Saturday, November 23, 2013

United States of America: California 1987

"That hill there, that's a wildlife reserve."
I'm sitting in the front of the Shuttle Bus from airport to hotel in San Francisco. I look where he's pointing and see only a conical hill, devoid of bushes and trees, and there are no large animals. 
"A wildlife reserve?"
"Shuure! Butterflies. Mission Blues. They only live eight days. Won't see anything now."
"You've got a whole hill for butterflies and they only live eight days?"
"Shuure! They feed on the lupin flowers. Hard to tell the butterflies from the flowers."
I bet it is. Some of the blue spots would dance before your eyes, if your vehicle slowed down enough on this freeway. The hill is already well behind us. Eight days: that would make life rather an urgent matter.

The Eagles sang The Hotel California  into my world and here it is in reality: a jewelled quiet cave with settees covered in peach-skin velour.

At the bottom of Powell Street, two men in dinner suits with macaws on their wrists. For some inexplicable reason, this brings me a memory of my three-year-old son crying, fighting with his grandfather, as I am carried away down Mornington's Main Street in the Shuttle Bus to Tullamarine Airport.

The syncopated yell of cable cars. They're impossible to board except at the Terminal. John keeps whipping out his cassette recorder to interview bag men and shoeshine men. Frances finds silk outfits. I'm stalking books, latest editions of Marge Piercy's poetry, for example.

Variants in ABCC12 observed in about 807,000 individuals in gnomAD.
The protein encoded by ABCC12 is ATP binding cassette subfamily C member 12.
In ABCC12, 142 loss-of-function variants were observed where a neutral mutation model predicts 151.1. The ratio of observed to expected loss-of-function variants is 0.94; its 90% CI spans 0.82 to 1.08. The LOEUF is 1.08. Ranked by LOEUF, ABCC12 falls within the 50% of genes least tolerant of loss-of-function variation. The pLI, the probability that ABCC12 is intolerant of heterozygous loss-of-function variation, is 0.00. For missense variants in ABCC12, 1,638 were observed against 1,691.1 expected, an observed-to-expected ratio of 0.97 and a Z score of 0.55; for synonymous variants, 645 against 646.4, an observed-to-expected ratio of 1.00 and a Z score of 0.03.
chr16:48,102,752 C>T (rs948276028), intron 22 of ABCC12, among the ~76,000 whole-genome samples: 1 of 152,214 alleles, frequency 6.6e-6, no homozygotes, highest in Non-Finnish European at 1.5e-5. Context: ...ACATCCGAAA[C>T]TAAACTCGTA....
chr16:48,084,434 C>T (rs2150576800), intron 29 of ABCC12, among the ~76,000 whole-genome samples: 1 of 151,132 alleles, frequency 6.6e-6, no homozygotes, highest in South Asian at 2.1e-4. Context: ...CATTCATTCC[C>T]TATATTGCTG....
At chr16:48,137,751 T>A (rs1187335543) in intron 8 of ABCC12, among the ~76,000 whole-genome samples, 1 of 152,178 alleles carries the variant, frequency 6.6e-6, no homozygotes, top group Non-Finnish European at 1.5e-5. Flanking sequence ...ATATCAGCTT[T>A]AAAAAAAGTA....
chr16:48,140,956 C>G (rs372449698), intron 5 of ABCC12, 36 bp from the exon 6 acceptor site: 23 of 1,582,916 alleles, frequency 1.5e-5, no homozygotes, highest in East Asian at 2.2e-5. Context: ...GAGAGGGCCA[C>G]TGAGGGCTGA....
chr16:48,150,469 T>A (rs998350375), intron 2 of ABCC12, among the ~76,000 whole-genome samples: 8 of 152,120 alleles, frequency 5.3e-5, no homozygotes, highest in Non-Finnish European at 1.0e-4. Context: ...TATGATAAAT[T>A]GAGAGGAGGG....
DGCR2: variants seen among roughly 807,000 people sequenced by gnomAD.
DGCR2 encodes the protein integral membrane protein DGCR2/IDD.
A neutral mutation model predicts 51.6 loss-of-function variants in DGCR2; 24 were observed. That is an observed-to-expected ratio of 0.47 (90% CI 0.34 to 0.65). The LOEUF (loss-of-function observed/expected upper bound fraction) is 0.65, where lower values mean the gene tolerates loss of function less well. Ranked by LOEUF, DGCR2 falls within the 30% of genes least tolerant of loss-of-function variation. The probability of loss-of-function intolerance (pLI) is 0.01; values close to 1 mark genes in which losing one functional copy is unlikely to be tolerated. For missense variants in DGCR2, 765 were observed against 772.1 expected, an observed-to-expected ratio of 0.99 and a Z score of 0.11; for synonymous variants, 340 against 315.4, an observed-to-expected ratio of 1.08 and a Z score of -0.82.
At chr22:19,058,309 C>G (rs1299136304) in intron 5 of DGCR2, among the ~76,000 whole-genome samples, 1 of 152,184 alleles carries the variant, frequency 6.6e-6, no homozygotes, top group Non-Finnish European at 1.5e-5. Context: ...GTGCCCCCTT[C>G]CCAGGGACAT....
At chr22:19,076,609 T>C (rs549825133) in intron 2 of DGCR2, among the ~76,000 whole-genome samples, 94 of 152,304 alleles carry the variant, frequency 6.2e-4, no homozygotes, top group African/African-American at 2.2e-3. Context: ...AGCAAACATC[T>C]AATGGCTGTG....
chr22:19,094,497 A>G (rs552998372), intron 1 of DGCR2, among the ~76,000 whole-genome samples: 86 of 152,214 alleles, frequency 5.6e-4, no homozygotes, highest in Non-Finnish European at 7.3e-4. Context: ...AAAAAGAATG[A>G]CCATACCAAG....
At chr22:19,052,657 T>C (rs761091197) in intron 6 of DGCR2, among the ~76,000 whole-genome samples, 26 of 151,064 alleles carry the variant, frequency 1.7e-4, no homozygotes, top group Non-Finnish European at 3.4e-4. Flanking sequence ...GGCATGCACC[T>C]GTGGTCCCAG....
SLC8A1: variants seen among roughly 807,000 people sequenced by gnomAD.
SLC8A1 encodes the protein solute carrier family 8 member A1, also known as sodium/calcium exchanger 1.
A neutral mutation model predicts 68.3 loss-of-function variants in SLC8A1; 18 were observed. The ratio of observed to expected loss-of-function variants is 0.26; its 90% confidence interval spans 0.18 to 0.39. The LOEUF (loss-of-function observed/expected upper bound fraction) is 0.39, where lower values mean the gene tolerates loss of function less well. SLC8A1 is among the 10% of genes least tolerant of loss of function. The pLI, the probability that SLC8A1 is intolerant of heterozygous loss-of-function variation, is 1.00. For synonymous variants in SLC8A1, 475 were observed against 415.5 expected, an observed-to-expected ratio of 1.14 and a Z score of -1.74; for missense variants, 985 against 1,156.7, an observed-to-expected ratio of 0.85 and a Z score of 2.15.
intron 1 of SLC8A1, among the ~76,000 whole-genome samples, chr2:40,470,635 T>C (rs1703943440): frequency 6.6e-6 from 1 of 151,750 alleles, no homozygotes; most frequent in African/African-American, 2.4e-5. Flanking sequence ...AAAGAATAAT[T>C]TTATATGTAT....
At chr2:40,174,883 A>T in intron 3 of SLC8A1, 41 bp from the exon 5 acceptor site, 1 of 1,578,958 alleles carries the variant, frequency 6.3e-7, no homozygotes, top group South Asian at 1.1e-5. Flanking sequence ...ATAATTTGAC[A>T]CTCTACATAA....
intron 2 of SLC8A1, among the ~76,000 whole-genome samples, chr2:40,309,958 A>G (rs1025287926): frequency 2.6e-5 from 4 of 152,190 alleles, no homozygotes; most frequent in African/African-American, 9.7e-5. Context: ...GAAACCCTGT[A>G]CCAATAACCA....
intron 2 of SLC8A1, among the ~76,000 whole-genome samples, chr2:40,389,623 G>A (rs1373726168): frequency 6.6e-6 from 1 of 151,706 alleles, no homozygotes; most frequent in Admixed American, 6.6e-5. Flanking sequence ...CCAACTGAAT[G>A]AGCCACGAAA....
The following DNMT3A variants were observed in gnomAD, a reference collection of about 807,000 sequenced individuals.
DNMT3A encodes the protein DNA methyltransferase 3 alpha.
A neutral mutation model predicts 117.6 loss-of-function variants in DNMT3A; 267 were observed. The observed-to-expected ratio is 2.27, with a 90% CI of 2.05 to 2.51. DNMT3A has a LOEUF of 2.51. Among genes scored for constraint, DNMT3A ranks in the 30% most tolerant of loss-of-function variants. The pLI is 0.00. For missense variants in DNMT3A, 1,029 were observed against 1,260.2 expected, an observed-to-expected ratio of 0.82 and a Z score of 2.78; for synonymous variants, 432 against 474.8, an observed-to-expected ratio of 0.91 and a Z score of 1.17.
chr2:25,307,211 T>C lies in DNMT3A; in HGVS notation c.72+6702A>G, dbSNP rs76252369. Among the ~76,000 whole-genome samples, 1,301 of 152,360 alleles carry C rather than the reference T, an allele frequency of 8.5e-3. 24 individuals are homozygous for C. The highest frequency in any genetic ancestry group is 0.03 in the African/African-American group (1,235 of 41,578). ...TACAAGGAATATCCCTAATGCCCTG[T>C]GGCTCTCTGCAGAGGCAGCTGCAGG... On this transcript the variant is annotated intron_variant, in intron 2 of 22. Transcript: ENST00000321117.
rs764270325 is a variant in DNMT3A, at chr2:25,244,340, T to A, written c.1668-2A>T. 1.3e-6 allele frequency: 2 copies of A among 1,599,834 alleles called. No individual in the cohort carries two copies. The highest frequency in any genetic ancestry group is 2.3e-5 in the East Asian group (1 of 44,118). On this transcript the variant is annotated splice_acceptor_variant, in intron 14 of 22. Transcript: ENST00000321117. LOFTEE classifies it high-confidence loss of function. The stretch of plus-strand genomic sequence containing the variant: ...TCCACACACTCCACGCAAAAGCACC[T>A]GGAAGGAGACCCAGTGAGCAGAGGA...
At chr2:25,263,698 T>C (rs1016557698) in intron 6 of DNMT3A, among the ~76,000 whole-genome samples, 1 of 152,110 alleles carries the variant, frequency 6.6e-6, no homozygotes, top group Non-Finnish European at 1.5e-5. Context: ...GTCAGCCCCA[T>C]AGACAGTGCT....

Frances and John return to the Hotel California after our six-day course. I choose the Burbank because it's cheaper. Hearing an eruption two days before July 4, I think war has begun. But the manageress rushes out to reassure me it's only a Chinese wedding over the road, fire crackers on the footpath. 
"We had a quake on Monday," she says. "I just wondered," Wondered?
"A big one?"
"Six point eight."
Here I'm aware how thin
city-skin is - Earth's heart
could heave and we would
simply fly loose, specks
of epithelium.
I visit Alcatraz. A middle-aged man on the ferry, alone. What if his Dad was an inmate? What if his Dad drowned, escaping? What if he's a middle-aged novelist, writing about a middle-aged man whose Dad did time on Alcatraz?

That's the United States for me: questions, questions, questions.

No comments:

Post a Comment